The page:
Editor’s Note: For most of us, the wide world of technology is a wormhole of dubious trends with a side of jargon soup. If it’s not a bombardment of startups and tech trends (minimum viable product, Big Data, billion dollar IPO!) then it’s unrelenting feature mongering (Smart Everything! Siri!). What’s a level-headed guy with a few bucks in his pocket supposed to do? We’ve got an answer, and it’s not a ⌘+Option+Esc. Welcome to Decrypted, a new weekly commentary about tech’s place in the real world. Writer Darren Murph, the former Managing Editor of Engadget and a Guinness World Record holder for number of blog posts published, will spend some weeks demystifying and others criticizing, but it’ll all be in plain english. So take off your headphones, settle in for something longer than 140 characters and prepare to wise up.

Chances are, those of you at work right now are reading this on either a Mac or a Windows-based machine. You may assume that your usage helps define a market share, when it fact, it defines an ecosystem war. And compared to the OS battle on desktops and laptops, the stakes on mobile are much, much higher. The masses rely on smartphones far more frequently than they do computers. In fact, one recent study from Locket, a lock screen application, found that of 150,000 users, the average person interacted with their phone 110 times per day.

Put another way: you are what’s in your pocket.

Taking this well beyond the present day, these major players also realize that we’re at the very beginning of a generational snowball. Early adopters who flocked to the iPhone in 2007 are largely still using the platform, and now that they’re having children, those youngsters are apt to get iPhones of their own once they’re old enough to understand the ins and outs of Snapchat, messaging, and taking notes with a virtual keyboard instead of a pencil.

I’m a believer that these black-and-white ecosystem options are actually good for us. Both Apple and Google enjoy fewer software quirks and more seamless experiences by leveraging a certain amount of control, and their users do indeed appreciate knowing that what’s built for either will work impeccably. But what it means for you, dear consumer, is that you should invest a serious amount of time researching which platform you want to marry. As phones mature to control more than our phone calls and daily appointment schedules, they’ll influence the accessories and peripherals that make our lives whole.

It’s no surprise that software built for an iPhone isn’t compatible with an Android-based phone, and neither of those platforms play nicely with BlackBerry, Windows Phone, or any of the other non-dominant operating systems. You may be wondering why that incompatibility is a big deal — after all, increased competition is unilaterally great for the consumer, right? But the truth is that your phone decision is likely to play a role in everything from your next vehicle to your next home.

Face it: You are what’s in your pocket.

What started as a bit of bickering between Apple (iPhone) and Google (Android) has led to an all-out battle for the minds of consumers. As both companies have learned, exceedingly few consumers ever switch platforms once they buy into one for any length of time. Chew on this: in 2012, Apple confirmed that the average iPhone user installs 80 apps from the App Store, and that figure is only swelling. Once you’ve installed, tweaked, and potentially paid for 80+ applications that work specifically on a single platform, are you really going to entertain the idea of buying an entirely different platform and downloading every single one of them again? Are you really going to buy the same app twice for two platforms? And are you really going to exert the effort required to see if all 80 of those apps are even available on a rival platform?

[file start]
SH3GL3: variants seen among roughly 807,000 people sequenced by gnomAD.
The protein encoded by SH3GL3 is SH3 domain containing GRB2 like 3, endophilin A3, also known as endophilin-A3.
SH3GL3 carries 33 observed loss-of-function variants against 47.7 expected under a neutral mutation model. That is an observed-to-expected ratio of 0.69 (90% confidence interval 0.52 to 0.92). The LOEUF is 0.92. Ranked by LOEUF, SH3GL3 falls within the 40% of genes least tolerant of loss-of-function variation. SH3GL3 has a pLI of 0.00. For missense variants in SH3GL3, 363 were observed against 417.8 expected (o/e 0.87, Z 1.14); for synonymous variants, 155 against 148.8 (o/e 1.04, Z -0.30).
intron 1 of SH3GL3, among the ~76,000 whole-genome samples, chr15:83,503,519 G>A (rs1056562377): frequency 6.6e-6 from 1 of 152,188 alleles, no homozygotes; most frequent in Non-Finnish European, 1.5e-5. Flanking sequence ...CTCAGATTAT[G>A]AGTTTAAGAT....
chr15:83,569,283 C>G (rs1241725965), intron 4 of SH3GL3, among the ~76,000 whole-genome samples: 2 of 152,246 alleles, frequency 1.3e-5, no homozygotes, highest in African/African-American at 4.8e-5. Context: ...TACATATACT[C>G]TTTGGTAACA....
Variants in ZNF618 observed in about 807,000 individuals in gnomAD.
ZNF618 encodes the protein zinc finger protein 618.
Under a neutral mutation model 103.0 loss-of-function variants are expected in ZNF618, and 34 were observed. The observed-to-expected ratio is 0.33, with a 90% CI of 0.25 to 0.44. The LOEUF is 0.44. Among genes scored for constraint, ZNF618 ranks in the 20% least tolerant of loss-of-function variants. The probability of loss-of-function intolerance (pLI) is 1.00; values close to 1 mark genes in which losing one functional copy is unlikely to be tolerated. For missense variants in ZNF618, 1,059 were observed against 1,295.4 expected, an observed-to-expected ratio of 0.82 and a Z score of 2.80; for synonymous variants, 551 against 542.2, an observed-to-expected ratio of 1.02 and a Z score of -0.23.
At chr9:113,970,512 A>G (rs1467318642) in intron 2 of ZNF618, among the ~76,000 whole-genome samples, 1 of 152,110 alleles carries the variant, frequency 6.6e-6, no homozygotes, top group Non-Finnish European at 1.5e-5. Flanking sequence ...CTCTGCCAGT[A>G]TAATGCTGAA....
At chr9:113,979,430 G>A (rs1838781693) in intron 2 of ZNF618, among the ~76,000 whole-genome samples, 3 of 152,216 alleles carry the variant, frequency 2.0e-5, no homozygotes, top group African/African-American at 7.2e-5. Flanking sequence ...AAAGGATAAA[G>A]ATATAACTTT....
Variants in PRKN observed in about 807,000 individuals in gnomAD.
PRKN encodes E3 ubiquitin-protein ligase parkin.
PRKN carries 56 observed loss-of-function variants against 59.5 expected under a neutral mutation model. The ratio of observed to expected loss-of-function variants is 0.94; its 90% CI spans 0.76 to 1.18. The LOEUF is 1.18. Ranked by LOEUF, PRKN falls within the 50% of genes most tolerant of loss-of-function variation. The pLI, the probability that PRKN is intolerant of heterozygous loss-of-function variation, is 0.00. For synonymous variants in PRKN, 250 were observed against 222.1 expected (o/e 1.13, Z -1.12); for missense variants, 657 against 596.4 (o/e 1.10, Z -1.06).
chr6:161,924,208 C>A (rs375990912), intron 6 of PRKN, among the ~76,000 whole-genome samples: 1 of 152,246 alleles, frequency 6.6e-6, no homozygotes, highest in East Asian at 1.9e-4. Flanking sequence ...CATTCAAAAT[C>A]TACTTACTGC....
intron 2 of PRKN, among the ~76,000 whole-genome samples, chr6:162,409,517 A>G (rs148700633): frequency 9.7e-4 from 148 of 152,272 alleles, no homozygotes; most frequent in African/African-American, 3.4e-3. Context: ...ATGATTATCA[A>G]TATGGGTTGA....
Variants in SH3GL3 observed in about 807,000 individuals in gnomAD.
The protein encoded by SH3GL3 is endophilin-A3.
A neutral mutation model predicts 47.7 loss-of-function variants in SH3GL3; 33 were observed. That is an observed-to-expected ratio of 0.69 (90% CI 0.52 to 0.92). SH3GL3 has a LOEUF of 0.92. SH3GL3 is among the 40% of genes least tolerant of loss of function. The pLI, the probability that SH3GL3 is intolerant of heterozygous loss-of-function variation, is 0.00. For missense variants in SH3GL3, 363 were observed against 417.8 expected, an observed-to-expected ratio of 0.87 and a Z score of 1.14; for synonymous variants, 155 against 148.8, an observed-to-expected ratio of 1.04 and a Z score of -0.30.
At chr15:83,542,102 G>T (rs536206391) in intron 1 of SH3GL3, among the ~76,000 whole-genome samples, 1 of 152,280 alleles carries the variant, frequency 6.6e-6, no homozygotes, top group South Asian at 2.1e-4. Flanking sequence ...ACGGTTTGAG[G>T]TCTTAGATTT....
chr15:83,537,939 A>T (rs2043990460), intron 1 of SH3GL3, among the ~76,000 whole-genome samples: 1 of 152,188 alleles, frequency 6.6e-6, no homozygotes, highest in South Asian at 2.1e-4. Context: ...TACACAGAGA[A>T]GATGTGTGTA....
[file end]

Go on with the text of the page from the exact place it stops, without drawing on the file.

No, you aren’t.

Neither are your peers. According to research data collected between July 2012 and June 2013, a staggering 81 percent of iPhone users “purchased another iPhone during the 12-month period surveyed.” Even on Android, nearly 70 percent remained loyal when it came time to buy their next phone.

Once you’re entrenched, you aren’t getting out, which makes your initial decision carry far more weight than you probably realize.

Extending beyond the phone, mobile ecosystems are reaching their tentacles into places unimaginable just a decade ago. Starting this fall, iOS 8 will unveil a feature entitled HomeKit for iPhone. In short, this is Apple’s attempt to build a standard by which light bulbs, garage door openers, doorknobs, coffee makers, HVAC systems and more connect to. Buy an iPhone, control your home. Just don’t dare buy an appliance that isn’t HomeKit compatible, or else you may be stuck with a piece of intelligent equipment that’s only listening for commands from an Android phone. That kind of stubbornness could drive even a monk insane.

I offer that partly in jest, but the crux of it is in earnest. Both Apple and Google alike are offering automakers extensions of their mobile platforms so that you can use iPhone and Android phones natively in next-generation cars. If you’ve spent the last five years of your life getting cozy in an Android universe, are you really going to buy a car with a giant Apple on the infotainment screen? Like it or not, the label on your phone is going to sway your purchasing decisions.

Though the walled garden may incite fear, I’m optimistic about the future. In a way, you really can’t go wrong. These dedicated channels crafted by Google, BlackBerry, Apple, and Microsoft force developers to stay within tight bounds when producing new hardware and software to interact with your phone system of choice. To wit, competition to bring new smartphone users into their respective folds has made all of the major ecosystems robust. It’s not quite “to-may-to, to-mah-to”, but it’s close.